• Jun 8th 2010 at 12:59PM
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2010 Toyota Prius – Click above for high-res image gallery

Though we are currently enjoying our gasoline at the bargain-basement price of only $2.72, it may not stay that way for long. According to Automotive Lease Guide (ALG), gas prices will hit a average of $4.13 by 2013. ALG predicts future gasoline prices to help determine vehicle residual values, which are partially calculated with fuel efficiency and gas prices in mind. As ALG chief economist Matt Traylen explains:
Gasoline prices are a key driver of resale values at the segment level. Despite the recent drop in oil and gas prices, we are maintaining our long-term gas price forecast of over $4 per gallon in 2013.
If gasoline prices top the $4 mark, we can expect to see demand increase for both mid-compacts and hybrids, coupled with a sharp decrease in desire for gargantuan luxury SUVs like the Cadillac Escalade, Lincoln Navigator and others. According to ALG, mid-compacts will see a 9.3 percent jump in residual value and a 29 percent increase in auction value, if gasoline hits the projected $4.13. Hybrids are expected to see similar gains as well. Rising prices will prove problematic for owners of large SUVs, though, which are expected to see a 7.4 percent drop in residual and 20 percent decrease in auction value, indicating that unloading one of those behemoths is probably gonna cost ya. We're not certain that gas will reach that mark, but let's not forget that it's come awful close before.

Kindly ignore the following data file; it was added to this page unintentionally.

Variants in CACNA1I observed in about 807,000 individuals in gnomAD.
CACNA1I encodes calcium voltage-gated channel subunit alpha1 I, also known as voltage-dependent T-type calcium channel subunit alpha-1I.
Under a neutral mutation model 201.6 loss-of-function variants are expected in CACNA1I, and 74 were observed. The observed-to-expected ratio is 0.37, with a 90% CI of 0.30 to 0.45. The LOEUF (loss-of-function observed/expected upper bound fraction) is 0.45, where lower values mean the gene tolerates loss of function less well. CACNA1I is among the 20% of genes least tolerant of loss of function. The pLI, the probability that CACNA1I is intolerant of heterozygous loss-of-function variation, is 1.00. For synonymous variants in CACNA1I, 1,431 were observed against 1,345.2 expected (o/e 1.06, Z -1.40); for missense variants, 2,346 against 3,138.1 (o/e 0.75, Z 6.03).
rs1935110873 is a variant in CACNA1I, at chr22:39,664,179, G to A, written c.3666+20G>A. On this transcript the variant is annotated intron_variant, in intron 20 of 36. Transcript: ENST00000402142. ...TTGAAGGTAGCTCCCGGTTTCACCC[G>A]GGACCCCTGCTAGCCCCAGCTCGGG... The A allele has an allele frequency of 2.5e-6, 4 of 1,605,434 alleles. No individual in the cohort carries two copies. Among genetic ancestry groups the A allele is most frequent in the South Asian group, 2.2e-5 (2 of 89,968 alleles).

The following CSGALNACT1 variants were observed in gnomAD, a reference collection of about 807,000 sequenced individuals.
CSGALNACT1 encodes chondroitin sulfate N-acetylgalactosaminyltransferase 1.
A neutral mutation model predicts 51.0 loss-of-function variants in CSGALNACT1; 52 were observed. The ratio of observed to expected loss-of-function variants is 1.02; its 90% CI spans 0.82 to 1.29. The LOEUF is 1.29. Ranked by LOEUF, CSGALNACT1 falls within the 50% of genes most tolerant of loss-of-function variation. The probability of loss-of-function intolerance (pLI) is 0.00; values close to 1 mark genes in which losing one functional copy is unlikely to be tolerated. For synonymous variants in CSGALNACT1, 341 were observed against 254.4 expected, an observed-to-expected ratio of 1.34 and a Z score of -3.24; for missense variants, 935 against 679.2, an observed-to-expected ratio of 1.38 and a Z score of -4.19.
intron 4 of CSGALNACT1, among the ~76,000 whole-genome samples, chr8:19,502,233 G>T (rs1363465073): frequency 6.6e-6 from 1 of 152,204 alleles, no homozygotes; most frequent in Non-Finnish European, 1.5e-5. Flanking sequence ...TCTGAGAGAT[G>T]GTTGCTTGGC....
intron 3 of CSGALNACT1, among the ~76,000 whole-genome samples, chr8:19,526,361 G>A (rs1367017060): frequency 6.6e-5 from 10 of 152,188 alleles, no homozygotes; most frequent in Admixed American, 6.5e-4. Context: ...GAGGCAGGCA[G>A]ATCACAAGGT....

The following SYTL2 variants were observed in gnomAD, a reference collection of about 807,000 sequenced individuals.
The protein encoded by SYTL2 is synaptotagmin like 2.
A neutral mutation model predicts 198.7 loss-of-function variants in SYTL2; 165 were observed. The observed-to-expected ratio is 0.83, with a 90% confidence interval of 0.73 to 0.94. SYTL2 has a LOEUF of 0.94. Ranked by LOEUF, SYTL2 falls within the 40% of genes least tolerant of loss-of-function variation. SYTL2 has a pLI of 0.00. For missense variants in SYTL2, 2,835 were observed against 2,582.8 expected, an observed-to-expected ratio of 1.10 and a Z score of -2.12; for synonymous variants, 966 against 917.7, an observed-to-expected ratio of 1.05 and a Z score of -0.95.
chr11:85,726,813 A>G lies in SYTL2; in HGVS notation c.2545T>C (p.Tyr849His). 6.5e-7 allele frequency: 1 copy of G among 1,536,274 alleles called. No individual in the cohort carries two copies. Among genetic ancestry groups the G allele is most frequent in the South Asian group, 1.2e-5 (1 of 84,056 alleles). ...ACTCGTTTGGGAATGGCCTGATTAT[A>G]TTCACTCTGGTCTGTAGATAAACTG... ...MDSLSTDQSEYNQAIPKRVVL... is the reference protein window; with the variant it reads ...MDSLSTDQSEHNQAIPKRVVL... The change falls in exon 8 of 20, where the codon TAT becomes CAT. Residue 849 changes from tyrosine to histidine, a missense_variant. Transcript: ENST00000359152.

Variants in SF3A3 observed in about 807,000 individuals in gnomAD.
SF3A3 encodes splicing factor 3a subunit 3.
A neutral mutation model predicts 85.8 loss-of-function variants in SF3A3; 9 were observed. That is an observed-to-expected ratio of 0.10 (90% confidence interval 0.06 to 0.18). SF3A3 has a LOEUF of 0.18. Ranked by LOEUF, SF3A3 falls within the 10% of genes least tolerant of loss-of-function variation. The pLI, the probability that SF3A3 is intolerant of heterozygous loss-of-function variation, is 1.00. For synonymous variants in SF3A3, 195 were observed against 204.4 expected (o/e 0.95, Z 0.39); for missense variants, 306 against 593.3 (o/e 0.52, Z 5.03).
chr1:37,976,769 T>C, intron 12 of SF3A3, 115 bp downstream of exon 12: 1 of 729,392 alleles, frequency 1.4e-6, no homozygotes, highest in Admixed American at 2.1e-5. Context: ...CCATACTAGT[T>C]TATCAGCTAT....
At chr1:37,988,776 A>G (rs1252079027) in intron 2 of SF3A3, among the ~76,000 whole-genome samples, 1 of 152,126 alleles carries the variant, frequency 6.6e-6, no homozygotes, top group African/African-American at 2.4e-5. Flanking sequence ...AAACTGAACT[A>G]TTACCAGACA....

[Source: Automotive Lease Guide (PDF)]

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    • 1 Second Ago
      • 5 Years Ago
      At least my Fit will have a good resale value when I'm ready to buy electric, assuming one that has a 300 mile range and costs around $25k exists in 5-7 years
      • 5 Years Ago
      No shocker here.

      When the recession fades ( if ever .... ), used lots will be full of SUVs and dealers will be gouging for Honda Civics again.

      rinse, repeat
      • 5 Years Ago
      Sounds about right to me. The really steep rise in price won't hit until 2015.
      • 5 Years Ago
      peak oil cometh. only the recession has delayed it for a time. it already hit hard just before the recession hit at 150$ per barrell. one might say it was suspiciously convenient. but it will return
        • 5 Years Ago
        Actually, it turns out that was due to American speculation on the price of oil.

        Basically, more evil from wall street .

        We're using about the same amount of gas these days and it is still half the price here in the USA. It was $5/gal when it peaked.. $2.60/gal where i live now.

        Not a supply problem ...
        • 5 Years Ago
        Lestakeawalk and I invest in commodities. I invested $40 in oil this morning from AM/PM the broker let me buy it for 2.69 per gallon for regular. For every ten dollars I burn in oil I charge my customer $100. I put the owner of Exxon's kids through college. I make money by burning oil, I like making money but I do not like the burning of oil. I realy don't like my job but like getting paid when I am done.